Wednesday, April 11, 2007

Book 4: Catlore

by Desmond Morris

If you’re a cat owner/lover, you’ve probably observed plenty of fascinating feline behaviour and wondered how much of it's due to nature or nurture.

As you know, Morris is known (in book and TV form) for his work on 'The Naked Ape'. 'Catlore' is like its feline equivalent where it attempts to tackle some serious questions that cat lovers have been asking since the Dawn of Kitty Domestication.

The book is structured into many short and digestible chapters, where each chapter deals with such common feline questions as:

>> How Do Cats Purr?

>> Why Do Cats Sulk?

>> Why Do Cats Sometimes Reject Their Food?

As you can see, the chapter names can be quite entertaining in themselves, for example:

>> Why Do Cats Interfere When Their Owners Are on the Telephone?

>> Why Do Cats Suddenly Make Mad Dashes Around the House?

>> Why Are Cats Attracted To People Who Dislike Them?

>> Why Do Some Cats Hate Men?

The book also deals with some more serious issues, such as feline history and health:

>> How Has Domestication Changed the Cat?

>> What is the History of the Tabby Cat?

>> Is it Cruel to Have a Cat Declawed?

>> How Does Being Neutered Affect a Cat’s Behaviour?

What's more, 'Catlore' is the sequel to the original 'Catwatching', which is just as engaging and informative, if not more.

So, if you’re still curious about quirky or conventional, but seemingly inexplicable, feline behaviour such as:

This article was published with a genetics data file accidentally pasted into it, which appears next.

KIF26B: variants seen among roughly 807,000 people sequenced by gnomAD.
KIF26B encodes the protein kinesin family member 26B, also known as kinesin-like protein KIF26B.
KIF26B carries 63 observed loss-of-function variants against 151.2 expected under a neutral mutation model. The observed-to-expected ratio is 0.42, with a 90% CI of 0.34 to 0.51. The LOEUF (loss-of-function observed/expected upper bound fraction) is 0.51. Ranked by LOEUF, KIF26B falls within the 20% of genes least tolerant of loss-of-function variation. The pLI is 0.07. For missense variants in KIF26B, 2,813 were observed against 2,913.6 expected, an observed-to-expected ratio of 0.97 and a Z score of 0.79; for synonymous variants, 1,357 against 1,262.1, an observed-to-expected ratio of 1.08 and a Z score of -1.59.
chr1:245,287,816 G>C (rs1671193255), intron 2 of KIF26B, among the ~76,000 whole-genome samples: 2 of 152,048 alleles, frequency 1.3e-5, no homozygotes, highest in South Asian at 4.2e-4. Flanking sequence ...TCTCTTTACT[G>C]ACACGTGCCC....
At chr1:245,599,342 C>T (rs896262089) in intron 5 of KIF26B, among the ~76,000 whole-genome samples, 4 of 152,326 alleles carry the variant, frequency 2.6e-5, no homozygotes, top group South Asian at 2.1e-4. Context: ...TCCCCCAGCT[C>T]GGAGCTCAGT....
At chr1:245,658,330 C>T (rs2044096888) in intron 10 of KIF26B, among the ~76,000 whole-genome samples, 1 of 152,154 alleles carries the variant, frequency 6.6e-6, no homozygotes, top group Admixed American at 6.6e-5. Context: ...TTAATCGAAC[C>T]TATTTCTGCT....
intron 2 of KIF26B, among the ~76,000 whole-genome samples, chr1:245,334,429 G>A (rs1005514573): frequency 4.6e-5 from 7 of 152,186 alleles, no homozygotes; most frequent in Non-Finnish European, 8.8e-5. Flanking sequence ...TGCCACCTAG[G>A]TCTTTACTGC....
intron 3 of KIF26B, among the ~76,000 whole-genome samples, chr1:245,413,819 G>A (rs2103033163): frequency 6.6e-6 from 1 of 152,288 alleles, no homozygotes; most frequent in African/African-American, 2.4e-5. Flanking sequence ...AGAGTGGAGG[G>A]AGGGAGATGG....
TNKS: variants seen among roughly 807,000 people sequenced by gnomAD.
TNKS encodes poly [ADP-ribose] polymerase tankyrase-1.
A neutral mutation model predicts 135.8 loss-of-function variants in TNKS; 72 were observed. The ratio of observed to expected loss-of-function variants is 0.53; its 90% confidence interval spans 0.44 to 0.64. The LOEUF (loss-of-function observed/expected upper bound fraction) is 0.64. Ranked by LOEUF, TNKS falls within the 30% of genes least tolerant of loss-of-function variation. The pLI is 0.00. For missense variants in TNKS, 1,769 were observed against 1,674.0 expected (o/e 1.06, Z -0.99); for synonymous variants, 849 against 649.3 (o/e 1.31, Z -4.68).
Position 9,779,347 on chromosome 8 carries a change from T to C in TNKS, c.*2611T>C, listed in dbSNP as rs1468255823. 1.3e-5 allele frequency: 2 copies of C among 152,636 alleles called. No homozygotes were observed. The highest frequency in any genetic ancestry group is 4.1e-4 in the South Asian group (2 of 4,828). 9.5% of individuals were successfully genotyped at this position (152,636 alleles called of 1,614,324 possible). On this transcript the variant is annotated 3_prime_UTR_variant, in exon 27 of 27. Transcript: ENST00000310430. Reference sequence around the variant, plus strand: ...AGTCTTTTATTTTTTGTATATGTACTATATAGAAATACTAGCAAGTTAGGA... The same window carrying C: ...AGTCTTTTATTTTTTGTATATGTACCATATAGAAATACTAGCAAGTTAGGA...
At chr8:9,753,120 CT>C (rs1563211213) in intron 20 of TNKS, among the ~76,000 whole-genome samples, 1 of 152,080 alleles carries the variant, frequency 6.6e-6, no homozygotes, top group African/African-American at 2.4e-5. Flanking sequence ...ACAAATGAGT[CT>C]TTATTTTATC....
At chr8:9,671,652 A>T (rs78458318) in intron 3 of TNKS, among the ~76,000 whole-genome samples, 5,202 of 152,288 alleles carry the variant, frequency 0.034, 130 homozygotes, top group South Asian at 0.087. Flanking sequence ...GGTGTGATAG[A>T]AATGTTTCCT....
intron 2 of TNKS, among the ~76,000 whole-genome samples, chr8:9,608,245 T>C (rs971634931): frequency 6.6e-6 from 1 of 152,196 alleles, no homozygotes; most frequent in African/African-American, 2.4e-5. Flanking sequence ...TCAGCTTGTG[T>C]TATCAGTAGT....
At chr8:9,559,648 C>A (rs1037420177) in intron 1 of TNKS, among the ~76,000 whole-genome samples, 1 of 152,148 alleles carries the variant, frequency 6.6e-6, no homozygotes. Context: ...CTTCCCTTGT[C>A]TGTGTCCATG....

>> Why Do Cats Eat Grass?

>> Why Do Cat’s Eyes Glow in the Dark?

>> Why Does a Cat Tear at the Fabric of Your Favourite Chair?

>> Why Do Cats Keep Crying to Be Let Out, Then Cry to Be Let In Again?

Then this book is also for you!

1 comment:

Olman Feelyus said...

Both these books are so awesome. Like all animals, cat behaviour is fascinating. Because we have lived so closely with them and take so much for granted, it's really cool to see how rich their behaviours actually are. The one thing I found kind of dissapointing in this book is that he really argues that most of cats affection towards human is just an outgrowth of their natural instinct for their mothers. Because we take them as kittens, they place this affection on their owners. It kind of science-ified the fantasy we build up of our relationship with cats and was a bit of a bummer for me. But still, this book is really an interesting read. Just things like how far cats travel when given the freedom and how many mice they can catch are quite amazing.